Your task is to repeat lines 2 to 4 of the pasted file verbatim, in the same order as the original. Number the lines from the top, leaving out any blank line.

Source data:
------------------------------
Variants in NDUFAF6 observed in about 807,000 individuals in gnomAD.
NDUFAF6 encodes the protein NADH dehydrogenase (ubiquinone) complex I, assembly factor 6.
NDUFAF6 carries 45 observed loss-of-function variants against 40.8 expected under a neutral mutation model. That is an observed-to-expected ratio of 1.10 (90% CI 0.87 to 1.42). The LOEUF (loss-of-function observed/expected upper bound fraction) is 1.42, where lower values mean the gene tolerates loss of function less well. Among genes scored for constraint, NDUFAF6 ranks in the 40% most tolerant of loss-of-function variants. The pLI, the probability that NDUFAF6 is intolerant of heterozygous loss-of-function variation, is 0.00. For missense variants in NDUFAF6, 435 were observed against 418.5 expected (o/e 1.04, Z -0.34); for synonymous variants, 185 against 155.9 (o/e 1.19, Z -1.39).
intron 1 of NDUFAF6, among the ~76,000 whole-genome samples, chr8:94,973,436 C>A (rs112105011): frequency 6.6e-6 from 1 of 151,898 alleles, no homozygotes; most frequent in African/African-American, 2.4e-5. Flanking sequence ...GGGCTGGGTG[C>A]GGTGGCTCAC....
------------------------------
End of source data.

NDUFAF6 encodes the protein NADH dehydrogenase (ubiquinone) complex I, assembly factor 6.
NDUFAF6 carries 45 observed loss-of-function variants against 40.8 expected under a neutral mutation model. That is an observed-to-expected ratio of 1.10 (90% CI 0.87 to 1.42). The LOEUF (loss-of-function observed/expected upper bound fraction) is 1.42, where lower values mean the gene tolerates loss of function less well. Among genes scored for constraint, NDUFAF6 ranks in the 40% most tolerant of loss-of-function variants. The pLI, the probability that NDUFAF6 is intolerant of heterozygous loss-of-function variation, is 0.00. For missense variants in NDUFAF6, 435 were observed against 418.5 expected (o/e 1.04, Z -0.34); for synonymous variants, 185 against 155.9 (o/e 1.19, Z -1.39).
intron 1 of NDUFAF6, among the ~76,000 whole-genome samples, chr8:94,973,436 C>A (rs112105011): frequency 6.6e-6 from 1 of 151,898 alleles, no homozygotes; most frequent in African/African-American, 2.4e-5. Flanking sequence ...GGGCTGGGTG[C>A]GGTGGCTCAC....